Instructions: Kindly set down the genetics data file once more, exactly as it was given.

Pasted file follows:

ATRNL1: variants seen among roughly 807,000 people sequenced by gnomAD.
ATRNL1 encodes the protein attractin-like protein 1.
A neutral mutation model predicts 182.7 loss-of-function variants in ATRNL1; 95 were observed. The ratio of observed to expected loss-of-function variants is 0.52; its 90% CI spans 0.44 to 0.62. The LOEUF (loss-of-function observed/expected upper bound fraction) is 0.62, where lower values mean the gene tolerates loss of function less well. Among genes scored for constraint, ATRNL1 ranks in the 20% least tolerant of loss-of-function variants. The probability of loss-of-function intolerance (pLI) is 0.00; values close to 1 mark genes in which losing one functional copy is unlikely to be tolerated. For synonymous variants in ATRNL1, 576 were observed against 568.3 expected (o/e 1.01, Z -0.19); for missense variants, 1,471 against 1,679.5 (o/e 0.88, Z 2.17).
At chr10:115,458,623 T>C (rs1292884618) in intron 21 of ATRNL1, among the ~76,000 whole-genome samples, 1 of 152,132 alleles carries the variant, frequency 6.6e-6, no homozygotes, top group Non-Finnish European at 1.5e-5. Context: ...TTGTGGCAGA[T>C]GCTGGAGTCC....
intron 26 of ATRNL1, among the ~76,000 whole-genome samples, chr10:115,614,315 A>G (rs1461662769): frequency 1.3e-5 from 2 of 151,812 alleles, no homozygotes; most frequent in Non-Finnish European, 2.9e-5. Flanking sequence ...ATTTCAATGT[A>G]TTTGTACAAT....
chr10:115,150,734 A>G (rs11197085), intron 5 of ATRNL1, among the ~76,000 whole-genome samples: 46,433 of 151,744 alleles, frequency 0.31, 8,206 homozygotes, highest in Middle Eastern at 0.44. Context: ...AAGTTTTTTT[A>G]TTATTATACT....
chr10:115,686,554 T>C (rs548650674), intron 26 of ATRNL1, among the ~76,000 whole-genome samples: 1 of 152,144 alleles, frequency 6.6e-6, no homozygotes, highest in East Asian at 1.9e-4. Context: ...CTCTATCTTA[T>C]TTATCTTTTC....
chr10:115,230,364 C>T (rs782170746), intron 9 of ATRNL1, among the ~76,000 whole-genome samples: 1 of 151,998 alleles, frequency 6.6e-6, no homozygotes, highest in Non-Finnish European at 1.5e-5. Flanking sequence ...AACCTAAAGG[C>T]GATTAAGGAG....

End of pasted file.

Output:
ATRNL1: variants seen among roughly 807,000 people sequenced by gnomAD.
ATRNL1 encodes the protein attractin-like protein 1.
A neutral mutation model predicts 182.7 loss-of-function variants in ATRNL1; 95 were observed. The ratio of observed to expected loss-of-function variants is 0.52; its 90% CI spans 0.44 to 0.62. The LOEUF (loss-of-function observed/expected upper bound fraction) is 0.62, where lower values mean the gene tolerates loss of function less well. Among genes scored for constraint, ATRNL1 ranks in the 20% least tolerant of loss-of-function variants. The probability of loss-of-function intolerance (pLI) is 0.00; values close to 1 mark genes in which losing one functional copy is unlikely to be tolerated. For synonymous variants in ATRNL1, 576 were observed against 568.3 expected (o/e 1.01, Z -0.19); for missense variants, 1,471 against 1,679.5 (o/e 0.88, Z 2.17).
At chr10:115,458,623 T>C (rs1292884618) in intron 21 of ATRNL1, among the ~76,000 whole-genome samples, 1 of 152,132 alleles carries the variant, frequency 6.6e-6, no homozygotes, top group Non-Finnish European at 1.5e-5. Context: ...TTGTGGCAGA[T>C]GCTGGAGTCC....
intron 26 of ATRNL1, among the ~76,000 whole-genome samples, chr10:115,614,315 A>G (rs1461662769): frequency 1.3e-5 from 2 of 151,812 alleles, no homozygotes; most frequent in Non-Finnish European, 2.9e-5. Flanking sequence ...ATTTCAATGT[A>G]TTTGTACAAT....
chr10:115,150,734 A>G (rs11197085), intron 5 of ATRNL1, among the ~76,000 whole-genome samples: 46,433 of 151,744 alleles, frequency 0.31, 8,206 homozygotes, highest in Middle Eastern at 0.44. Context: ...AAGTTTTTTT[A>G]TTATTATACT....
chr10:115,686,554 T>C (rs548650674), intron 26 of ATRNL1, among the ~76,000 whole-genome samples: 1 of 152,144 alleles, frequency 6.6e-6, no homozygotes, highest in East Asian at 1.9e-4. Context: ...CTCTATCTTA[T>C]TTATCTTTTC....
chr10:115,230,364 C>T (rs782170746), intron 9 of ATRNL1, among the ~76,000 whole-genome samples: 1 of 151,998 alleles, frequency 6.6e-6, no homozygotes, highest in Non-Finnish European at 1.5e-5. Flanking sequence ...AACCTAAAGG[C>T]GATTAAGGAG....